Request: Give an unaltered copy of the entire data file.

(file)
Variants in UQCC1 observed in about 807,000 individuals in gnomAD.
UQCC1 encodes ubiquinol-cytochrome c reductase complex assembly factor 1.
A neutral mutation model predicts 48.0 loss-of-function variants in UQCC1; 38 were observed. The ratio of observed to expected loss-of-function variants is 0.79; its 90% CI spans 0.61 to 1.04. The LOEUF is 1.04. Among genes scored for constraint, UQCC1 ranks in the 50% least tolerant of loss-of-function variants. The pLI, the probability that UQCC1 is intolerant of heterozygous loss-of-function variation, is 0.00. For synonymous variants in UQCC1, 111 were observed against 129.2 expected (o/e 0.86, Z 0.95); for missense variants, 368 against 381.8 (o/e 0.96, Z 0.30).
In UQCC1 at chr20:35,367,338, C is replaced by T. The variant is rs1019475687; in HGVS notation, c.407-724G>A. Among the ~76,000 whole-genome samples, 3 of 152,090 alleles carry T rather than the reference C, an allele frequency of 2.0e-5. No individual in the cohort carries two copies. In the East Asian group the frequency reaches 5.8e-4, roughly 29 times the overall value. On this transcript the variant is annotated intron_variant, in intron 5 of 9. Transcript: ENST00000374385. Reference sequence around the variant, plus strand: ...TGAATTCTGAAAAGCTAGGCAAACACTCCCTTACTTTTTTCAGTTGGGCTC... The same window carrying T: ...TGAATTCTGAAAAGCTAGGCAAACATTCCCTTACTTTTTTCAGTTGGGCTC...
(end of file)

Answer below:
Variants in UQCC1 observed in about 807,000 individuals in gnomAD.
UQCC1 encodes ubiquinol-cytochrome c reductase complex assembly factor 1.
A neutral mutation model predicts 48.0 loss-of-function variants in UQCC1; 38 were observed. The ratio of observed to expected loss-of-function variants is 0.79; its 90% CI spans 0.61 to 1.04. The LOEUF is 1.04. Among genes scored for constraint, UQCC1 ranks in the 50% least tolerant of loss-of-function variants. The pLI, the probability that UQCC1 is intolerant of heterozygous loss-of-function variation, is 0.00. For synonymous variants in UQCC1, 111 were observed against 129.2 expected (o/e 0.86, Z 0.95); for missense variants, 368 against 381.8 (o/e 0.96, Z 0.30).
In UQCC1 at chr20:35,367,338, C is replaced by T. The variant is rs1019475687; in HGVS notation, c.407-724G>A. Among the ~76,000 whole-genome samples, 3 of 152,090 alleles carry T rather than the reference C, an allele frequency of 2.0e-5. No individual in the cohort carries two copies. In the East Asian group the frequency reaches 5.8e-4, roughly 29 times the overall value. On this transcript the variant is annotated intron_variant, in intron 5 of 9. Transcript: ENST00000374385. Reference sequence around the variant, plus strand: ...TGAATTCTGAAAAGCTAGGCAAACACTCCCTTACTTTTTTCAGTTGGGCTC... The same window carrying T: ...TGAATTCTGAAAAGCTAGGCAAACATTCCCTTACTTTTTTCAGTTGGGCTC...